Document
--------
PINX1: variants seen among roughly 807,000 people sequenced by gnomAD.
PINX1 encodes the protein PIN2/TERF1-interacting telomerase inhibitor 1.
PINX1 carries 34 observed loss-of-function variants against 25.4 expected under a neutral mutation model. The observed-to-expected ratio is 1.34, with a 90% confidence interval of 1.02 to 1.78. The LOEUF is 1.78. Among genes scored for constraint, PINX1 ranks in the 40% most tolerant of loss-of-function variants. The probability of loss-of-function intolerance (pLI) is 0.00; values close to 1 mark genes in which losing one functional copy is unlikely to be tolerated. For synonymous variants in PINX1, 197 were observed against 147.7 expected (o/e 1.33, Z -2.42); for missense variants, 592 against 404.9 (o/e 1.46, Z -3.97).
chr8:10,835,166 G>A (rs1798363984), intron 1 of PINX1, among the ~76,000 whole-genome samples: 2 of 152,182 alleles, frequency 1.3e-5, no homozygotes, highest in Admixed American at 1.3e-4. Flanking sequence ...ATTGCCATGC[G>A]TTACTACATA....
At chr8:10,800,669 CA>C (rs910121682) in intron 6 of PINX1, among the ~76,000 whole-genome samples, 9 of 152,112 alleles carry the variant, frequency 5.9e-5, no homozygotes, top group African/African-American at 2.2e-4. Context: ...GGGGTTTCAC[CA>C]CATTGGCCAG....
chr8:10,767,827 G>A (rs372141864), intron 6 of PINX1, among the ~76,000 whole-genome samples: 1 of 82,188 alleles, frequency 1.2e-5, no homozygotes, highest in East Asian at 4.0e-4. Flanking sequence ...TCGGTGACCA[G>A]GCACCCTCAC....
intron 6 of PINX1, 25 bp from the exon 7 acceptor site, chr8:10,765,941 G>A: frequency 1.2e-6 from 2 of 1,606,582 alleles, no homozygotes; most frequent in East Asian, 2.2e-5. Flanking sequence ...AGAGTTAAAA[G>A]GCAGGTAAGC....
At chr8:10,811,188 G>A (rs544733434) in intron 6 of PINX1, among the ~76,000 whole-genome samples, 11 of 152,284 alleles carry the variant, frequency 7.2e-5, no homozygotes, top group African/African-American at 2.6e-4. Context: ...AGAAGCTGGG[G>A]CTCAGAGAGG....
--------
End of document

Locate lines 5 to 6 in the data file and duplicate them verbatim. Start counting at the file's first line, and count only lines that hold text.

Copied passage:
At chr8:10,800,669 CA>C (rs910121682) in intron 6 of PINX1, among the ~76,000 whole-genome samples, 9 of 152,112 alleles carry the variant, frequency 5.9e-5, no homozygotes, top group African/African-American at 2.2e-4. Context: ...GGGGTTTCAC[CA>C]CATTGGCCAG....
chr8:10,767,827 G>A (rs372141864), intron 6 of PINX1, among the ~76,000 whole-genome samples: 1 of 82,188 alleles, frequency 1.2e-5, no homozygotes, highest in East Asian at 4.0e-4. Flanking sequence ...TCGGTGACCA[G>A]GCACCCTCAC....